• Organisation:  Australian Council of Superannuation Investors, in collaboration with its members.
  • Signatory type:  Service provider
  • HQ country:  Australia

Give a brief overview of your initiative, its objectives, and why you decided to undertake it.

The impact of companies on First Nations people’s lands, communities, and cultural heritage presents an increasingly recognised investment risk. Unfortunately, there are many examples, over many years, of destruction of cultural heritage and contravention of the rights of First Nations people by companies globally.

ACSI and its members established a Working Group on Rights and Cultural Heritage Risk Management to better understand the financial risks that can arise in company engagement with First Peoples, and to chart a path towards improved risk management. The Working Group is comprised of ACSI members, who are institutional investors.

The Working Group aims to see the risks of harm to cultural heritage effectively mitigated and managed through constructive engagement between companies and First Peoples. To achieve this, the Working Group does the following:

  1. Educate ourselves and other investors on the investment risk: The Working Group clarified our understanding of better practice, making sure investors are aware of the risks and have tools to guide investment decisions and engagement with companies. ACSI developed a research paper that outlines the investment risk of poor company engagement with First Nations peoples, and advises companies and investors on how to improve practices. The research paper was deliberately made publicly available, so as to drive awareness right across the market. We were informed by First Nations organisations.
  2. Set out clear expectations of companies: To be transparent in our expectations of companies, ACSI published its Policy on Company Engagement with First Nations People. This sets out the clear baseline expectations our members have for companies engaging with First Nations people.
  3. Engage with companies: Based on our Policy and Research Paper, we developed a framework for engagement with companies, which we use to encourage better practice.
  4. Advocate for policy and law reform: ACSI and the Working Group contribute to legislative reform processes to ensure that the rights and cultural heritage of First Peoples are protected and that companies maintain their social licence to operate.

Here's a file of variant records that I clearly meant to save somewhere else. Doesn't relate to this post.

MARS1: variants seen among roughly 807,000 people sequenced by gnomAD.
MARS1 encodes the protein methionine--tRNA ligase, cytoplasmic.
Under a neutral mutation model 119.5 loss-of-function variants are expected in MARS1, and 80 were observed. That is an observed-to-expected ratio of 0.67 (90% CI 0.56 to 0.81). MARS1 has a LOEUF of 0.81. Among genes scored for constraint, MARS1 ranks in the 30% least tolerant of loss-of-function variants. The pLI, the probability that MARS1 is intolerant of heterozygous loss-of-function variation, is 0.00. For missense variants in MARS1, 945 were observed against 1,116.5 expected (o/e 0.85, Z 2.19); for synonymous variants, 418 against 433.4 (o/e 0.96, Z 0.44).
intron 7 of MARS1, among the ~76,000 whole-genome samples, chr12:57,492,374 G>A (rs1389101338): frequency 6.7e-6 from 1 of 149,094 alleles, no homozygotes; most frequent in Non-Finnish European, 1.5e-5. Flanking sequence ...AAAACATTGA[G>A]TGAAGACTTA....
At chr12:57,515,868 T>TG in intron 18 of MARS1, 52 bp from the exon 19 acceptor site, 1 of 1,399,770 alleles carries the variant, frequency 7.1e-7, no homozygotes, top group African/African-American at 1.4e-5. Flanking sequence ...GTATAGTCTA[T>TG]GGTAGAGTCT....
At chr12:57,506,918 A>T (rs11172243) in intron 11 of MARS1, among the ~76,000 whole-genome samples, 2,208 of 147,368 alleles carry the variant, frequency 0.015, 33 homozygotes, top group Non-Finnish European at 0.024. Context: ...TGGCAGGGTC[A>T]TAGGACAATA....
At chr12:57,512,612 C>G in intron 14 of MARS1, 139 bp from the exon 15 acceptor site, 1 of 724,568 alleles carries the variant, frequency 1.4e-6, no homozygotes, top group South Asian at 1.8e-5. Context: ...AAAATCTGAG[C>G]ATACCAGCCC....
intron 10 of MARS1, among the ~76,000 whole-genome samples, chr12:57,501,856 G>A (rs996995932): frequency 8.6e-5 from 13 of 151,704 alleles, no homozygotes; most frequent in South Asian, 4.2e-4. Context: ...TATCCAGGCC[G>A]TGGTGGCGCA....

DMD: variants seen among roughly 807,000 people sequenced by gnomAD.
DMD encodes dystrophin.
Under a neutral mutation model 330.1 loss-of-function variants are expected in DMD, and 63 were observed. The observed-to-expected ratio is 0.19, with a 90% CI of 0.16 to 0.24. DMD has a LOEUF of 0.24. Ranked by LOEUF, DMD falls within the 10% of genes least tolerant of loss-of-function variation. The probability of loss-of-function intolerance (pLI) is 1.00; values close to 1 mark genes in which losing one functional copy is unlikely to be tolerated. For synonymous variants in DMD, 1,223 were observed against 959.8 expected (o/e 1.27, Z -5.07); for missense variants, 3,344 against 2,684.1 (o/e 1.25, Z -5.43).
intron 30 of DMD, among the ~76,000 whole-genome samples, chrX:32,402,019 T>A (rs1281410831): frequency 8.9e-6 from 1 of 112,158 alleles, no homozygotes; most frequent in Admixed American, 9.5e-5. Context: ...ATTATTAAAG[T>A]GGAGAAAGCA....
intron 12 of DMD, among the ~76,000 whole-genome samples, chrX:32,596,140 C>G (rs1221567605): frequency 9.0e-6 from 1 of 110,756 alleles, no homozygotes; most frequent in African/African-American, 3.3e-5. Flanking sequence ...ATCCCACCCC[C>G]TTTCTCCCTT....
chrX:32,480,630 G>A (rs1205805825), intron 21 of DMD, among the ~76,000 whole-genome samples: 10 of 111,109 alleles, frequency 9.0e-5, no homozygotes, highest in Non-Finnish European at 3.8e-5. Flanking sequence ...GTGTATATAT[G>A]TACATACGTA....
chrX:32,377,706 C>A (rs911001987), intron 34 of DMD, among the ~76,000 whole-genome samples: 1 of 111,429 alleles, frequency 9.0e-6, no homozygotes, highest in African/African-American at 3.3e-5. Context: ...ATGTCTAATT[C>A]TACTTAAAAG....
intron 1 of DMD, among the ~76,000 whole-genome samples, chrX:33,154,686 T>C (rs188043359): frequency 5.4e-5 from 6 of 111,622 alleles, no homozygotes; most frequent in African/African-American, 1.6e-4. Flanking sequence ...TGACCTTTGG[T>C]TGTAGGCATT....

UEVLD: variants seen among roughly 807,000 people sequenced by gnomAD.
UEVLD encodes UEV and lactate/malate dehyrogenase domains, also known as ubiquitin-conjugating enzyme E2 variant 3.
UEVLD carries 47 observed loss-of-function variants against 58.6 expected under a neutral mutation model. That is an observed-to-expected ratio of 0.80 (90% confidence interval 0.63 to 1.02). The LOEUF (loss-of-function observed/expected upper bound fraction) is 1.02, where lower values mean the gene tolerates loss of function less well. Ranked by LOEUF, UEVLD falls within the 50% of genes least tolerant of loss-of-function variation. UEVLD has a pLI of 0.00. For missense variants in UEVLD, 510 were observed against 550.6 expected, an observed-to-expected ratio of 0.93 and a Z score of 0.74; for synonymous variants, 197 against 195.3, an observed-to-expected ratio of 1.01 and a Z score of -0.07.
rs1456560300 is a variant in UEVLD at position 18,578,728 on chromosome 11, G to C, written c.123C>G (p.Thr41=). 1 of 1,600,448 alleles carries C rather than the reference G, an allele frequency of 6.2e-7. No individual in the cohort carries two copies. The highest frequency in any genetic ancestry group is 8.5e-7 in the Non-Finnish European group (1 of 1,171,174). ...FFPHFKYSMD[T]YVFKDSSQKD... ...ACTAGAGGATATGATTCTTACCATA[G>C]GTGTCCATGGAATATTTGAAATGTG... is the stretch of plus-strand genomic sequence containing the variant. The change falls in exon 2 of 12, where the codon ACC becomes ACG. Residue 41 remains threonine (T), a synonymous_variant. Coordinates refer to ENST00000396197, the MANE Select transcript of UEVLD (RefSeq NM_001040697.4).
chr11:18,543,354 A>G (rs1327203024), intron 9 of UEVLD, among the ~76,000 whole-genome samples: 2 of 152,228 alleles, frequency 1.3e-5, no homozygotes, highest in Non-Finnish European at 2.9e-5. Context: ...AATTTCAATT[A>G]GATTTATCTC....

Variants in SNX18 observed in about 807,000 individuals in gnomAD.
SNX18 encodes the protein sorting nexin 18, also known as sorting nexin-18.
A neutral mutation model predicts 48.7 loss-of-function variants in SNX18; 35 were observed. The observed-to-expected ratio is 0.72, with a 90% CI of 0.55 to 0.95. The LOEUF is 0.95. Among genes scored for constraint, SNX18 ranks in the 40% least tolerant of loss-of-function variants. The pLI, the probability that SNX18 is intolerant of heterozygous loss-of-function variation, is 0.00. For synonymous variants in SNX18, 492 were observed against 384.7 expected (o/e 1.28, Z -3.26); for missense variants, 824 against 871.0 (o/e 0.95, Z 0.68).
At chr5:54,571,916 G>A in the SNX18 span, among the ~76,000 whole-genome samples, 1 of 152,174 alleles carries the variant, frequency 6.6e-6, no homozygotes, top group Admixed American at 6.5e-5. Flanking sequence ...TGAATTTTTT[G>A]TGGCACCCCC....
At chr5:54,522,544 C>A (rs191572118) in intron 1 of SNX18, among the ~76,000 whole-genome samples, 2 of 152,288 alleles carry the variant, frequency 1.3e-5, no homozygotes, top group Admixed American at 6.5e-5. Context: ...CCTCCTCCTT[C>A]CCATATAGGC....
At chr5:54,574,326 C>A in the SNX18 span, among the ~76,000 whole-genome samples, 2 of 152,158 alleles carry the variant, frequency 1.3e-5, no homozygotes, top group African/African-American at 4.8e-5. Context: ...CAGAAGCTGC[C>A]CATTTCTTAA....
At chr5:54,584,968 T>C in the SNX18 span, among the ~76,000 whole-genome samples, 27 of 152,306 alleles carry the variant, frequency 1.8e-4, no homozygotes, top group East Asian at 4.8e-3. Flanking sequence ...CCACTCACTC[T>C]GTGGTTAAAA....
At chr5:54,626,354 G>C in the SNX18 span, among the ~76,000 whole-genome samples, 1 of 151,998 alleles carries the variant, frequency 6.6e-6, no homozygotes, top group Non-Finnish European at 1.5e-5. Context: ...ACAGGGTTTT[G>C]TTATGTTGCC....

5. Work with international investors to advance standards internationally: Discussions with international investors have highlighted a gap in expectations of companies engaging with First Nations people. ACSI is working with international investors with the aim of developing a set of standards that investors could apply globally to their investee companies.

We strive to ensure that our work is based on robust research, and is balanced, practical and implementable on the ground.


Describe how your initiative is aligned to Active Ownership 2.0.

A company’s long-term success is intrinsically linked to effective engagement with the people it impacts. Companies interacting with First Nations people have opportunities to shape their engagement constructively to mutual benefit. Respecting and protecting the rights and cultural heritage of First Nations people is crucial to align markets and societies globally with international human rights standards, and is in the best financial interests of investors over the long term. In Australia, as in many other countries, domestic legal frameworks do not protect Indigenous rights to the degree required by international standards, including the UN Declaration on the Rights of Indigenous Peoples (UNDRIP) and the UN Guiding Principles on Business and Human Rights (UNGPs).

Approximately 46% of global extractive companies’ reserves lie on land inhabited by First Nations people, so this risk applies across markets globally. Through this initiative, we have come to understand that destruction of Indigenous cultural heritage and contraventions of Indigenous rights are not isolated events. Rather, with current standards of company behaviour, there is a systemic risk that Indigenous rights will continue to be undermined, which is not limited to extractive companies.